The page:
The Orange Revolution initially appeared as a victory for democracy in Ukraine and as a geopolitical victory for the West. Those two ideas – democratic revolution and geopolitics – became tightly linked in the eyes of Russian leaders, but whereas western thinkers saw democracy as fostering peace, Russia saw it as a weapon. The Orange Revolution also made Ukraine appear to be the fulcrum of security dilemma politics in central Europe. Both Russia and the West saw the other’s designs on Ukraine as threatening their security and as undermining the status quo. Meanwhile, the Orange Revolution fizzled, Viktor Yanukovych made a remarkable comeback, and Russia reasserted itself, bolstered by Putin’s popularity and by booming energy prices.
D'Anieri explores the dynamics within Ukraine, between Ukraine and Russia, and between Russia and the West, that emerged with the collapse of the Soviet Union and eventually led to war in 2014. Proceeding chronologically, this book shows how Ukraine's separation from Russia in 1991, at the time called a 'civilized divorce', led to what many are now calling 'a new Cold War'. He argues that the conflict has worsened because of three underlying factors - the security dilemma, the impact of democratization on geopolitics, and the incompatible goals of a post-Cold War Europe. Rather than a peaceful situation that was squandered, D'Anieri argues that these were deep-seated pre-existing disagreements that could not be bridged, with concerning implications for the resolution of the Ukraine conflict. The book also shows how this war fits into broader patterns of contemporary international conflict and should therefore appeal to researchers working on the Russia-Ukraine conflict, Russia's relations with the West, and conflict and geopolitics more generally.
The 1997 Russia-Ukraine Friendship Treaty appeared to confirm Ukraine’s borders and to settle the status of the Black Sea Fleet and Sevastopol, but many leading Russian politicians opposed it. Ukraine balanced its fear of Russia by becoming a leading participant in NATO’s Partnership for Peace. Meanwhile, the war in Yugoslavia exposed the tension between the western insistence on “European norms” and Russia’s insistence on its prerogatives as a traditional great power. By 1999, Russia was furious at NATO over expansion and Kosovo, and still sought to reintegrate Ukraine. However, the question of Ukraine remained largely distinct from Russia’s broader relationship with the West.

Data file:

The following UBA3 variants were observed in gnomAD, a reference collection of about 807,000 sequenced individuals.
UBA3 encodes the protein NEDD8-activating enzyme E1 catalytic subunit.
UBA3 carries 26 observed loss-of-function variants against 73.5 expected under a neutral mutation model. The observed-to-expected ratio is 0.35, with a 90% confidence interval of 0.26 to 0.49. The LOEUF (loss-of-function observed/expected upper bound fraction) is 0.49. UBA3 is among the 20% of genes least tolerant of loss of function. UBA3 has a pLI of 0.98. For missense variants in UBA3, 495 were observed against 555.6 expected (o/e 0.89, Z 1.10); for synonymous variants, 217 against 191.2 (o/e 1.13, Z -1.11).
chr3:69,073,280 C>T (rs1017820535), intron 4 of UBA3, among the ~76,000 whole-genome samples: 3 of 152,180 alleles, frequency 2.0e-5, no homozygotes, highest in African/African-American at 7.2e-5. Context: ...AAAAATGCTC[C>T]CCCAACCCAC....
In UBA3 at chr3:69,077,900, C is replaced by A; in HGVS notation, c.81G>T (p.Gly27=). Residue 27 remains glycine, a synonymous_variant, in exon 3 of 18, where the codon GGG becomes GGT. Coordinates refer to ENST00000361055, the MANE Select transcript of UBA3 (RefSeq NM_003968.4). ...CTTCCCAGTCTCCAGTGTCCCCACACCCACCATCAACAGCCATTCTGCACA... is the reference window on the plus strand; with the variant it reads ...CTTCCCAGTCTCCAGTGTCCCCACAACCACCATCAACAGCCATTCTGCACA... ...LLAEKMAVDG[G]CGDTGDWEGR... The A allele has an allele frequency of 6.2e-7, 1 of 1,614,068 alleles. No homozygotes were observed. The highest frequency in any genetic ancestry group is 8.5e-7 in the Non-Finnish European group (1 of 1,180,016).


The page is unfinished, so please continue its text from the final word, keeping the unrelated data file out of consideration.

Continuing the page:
After 1999, Ukraine and Russia both slid toward autocracy. As Leonid Kuchma’s autocracy made him a less fit partner for the West, he moved closer to Russia, and Ukraine’s 2004 presidential election looked set to solidify Russia’s position in Ukraine. The overturning of that rigged election via the Orange Revolution shocked the Russian leadership. In addition to snatching defeat from the jaws of victory in Ukraine, revolution now appeared to threaten the Putin regime. By merging the Ukraine-Russia conflict with the growing Russia-West conflict, this episode made both harder to solve.
As communism collapsed, disagreements emerged that endured until 2014. Russia struggled unsuccessfully to keep Ukraine in a new Moscow-led union and disagreement over the Black Sea Fleet and its base in Crimea proved unresolvable. Meanwhile, Russia and the West advanced different visions for post-Cold War Europe. Pressured by both Russia and the United States, Ukraine agreed to surrender its nuclear weapons in return for security assurances. Already in 1993, the prospect that a “red-brown” coalition of communists and fascists would come to power in Moscow prompted many countries to look for ways to guard against Russian reassertion, exacerbating the security dilemma.
The delay of the Association Agreement spurred protests, and violent repression caused them to grow. Yanukovych’s ouster outraged Putin, who again saw a revolution thwart Russia’s position in Ukraine. He saw an irresistible opportunity to respond. Seizing Crimea regained a territory Russia had always wanted; it showed that Russia could defy the West; it boosted Putin’s domestic popularity; and it hamstrung Ukraine’s new government. The conflict then spread to eastern Ukraine, where the shooting down of a passenger aircraft dramatically increased international outrage at Russia’s actions. The West enacted sanctions, while the conflict itself stabilized territorially in the February 2015 Minsk-2 agreement.